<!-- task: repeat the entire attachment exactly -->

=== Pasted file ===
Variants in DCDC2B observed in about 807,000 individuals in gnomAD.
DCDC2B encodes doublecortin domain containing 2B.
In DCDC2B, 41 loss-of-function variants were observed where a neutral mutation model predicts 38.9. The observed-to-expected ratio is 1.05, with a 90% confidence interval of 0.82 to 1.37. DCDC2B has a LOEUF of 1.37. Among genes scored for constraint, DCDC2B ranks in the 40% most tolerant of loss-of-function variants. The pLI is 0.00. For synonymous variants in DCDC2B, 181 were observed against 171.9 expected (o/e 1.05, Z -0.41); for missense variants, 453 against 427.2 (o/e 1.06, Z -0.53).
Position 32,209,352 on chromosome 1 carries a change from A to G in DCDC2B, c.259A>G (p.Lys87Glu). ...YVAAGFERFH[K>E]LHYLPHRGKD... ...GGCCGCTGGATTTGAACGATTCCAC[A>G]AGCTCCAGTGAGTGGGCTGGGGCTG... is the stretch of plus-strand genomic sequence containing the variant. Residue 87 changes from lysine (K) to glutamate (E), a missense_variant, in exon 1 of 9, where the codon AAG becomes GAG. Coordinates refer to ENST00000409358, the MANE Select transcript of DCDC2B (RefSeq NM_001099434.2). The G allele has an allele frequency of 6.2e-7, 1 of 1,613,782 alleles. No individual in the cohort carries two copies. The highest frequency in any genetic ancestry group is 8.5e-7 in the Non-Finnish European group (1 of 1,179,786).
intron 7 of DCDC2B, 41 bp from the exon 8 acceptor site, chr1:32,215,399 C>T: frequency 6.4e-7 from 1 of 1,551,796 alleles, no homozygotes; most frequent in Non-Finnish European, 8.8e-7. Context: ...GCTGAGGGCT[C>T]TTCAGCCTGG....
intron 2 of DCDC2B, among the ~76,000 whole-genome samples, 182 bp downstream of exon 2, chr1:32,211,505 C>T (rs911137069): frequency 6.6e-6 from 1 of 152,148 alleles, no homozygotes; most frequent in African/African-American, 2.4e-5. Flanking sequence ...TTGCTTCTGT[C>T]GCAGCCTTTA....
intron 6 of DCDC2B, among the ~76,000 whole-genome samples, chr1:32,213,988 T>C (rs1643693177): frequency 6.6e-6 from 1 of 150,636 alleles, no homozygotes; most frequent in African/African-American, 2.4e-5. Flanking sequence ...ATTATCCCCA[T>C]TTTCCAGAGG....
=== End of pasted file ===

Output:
Variants in DCDC2B observed in about 807,000 individuals in gnomAD.
DCDC2B encodes doublecortin domain containing 2B.
In DCDC2B, 41 loss-of-function variants were observed where a neutral mutation model predicts 38.9. The observed-to-expected ratio is 1.05, with a 90% confidence interval of 0.82 to 1.37. DCDC2B has a LOEUF of 1.37. Among genes scored for constraint, DCDC2B ranks in the 40% most tolerant of loss-of-function variants. The pLI is 0.00. For synonymous variants in DCDC2B, 181 were observed against 171.9 expected (o/e 1.05, Z -0.41); for missense variants, 453 against 427.2 (o/e 1.06, Z -0.53).
Position 32,209,352 on chromosome 1 carries a change from A to G in DCDC2B, c.259A>G (p.Lys87Glu). ...YVAAGFERFH[K>E]LHYLPHRGKD... ...GGCCGCTGGATTTGAACGATTCCAC[A>G]AGCTCCAGTGAGTGGGCTGGGGCTG... is the stretch of plus-strand genomic sequence containing the variant. Residue 87 changes from lysine (K) to glutamate (E), a missense_variant, in exon 1 of 9, where the codon AAG becomes GAG. Coordinates refer to ENST00000409358, the MANE Select transcript of DCDC2B (RefSeq NM_001099434.2). The G allele has an allele frequency of 6.2e-7, 1 of 1,613,782 alleles. No individual in the cohort carries two copies. The highest frequency in any genetic ancestry group is 8.5e-7 in the Non-Finnish European group (1 of 1,179,786).
intron 7 of DCDC2B, 41 bp from the exon 8 acceptor site, chr1:32,215,399 C>T: frequency 6.4e-7 from 1 of 1,551,796 alleles, no homozygotes; most frequent in Non-Finnish European, 8.8e-7. Context: ...GCTGAGGGCT[C>T]TTCAGCCTGG....
intron 2 of DCDC2B, among the ~76,000 whole-genome samples, 182 bp downstream of exon 2, chr1:32,211,505 C>T (rs911137069): frequency 6.6e-6 from 1 of 152,148 alleles, no homozygotes; most frequent in African/African-American, 2.4e-5. Flanking sequence ...TTGCTTCTGT[C>T]GCAGCCTTTA....
intron 6 of DCDC2B, among the ~76,000 whole-genome samples, chr1:32,213,988 T>C (rs1643693177): frequency 6.6e-6 from 1 of 150,636 alleles, no homozygotes; most frequent in African/African-American, 2.4e-5. Flanking sequence ...ATTATCCCCA[T>C]TTTCCAGAGG....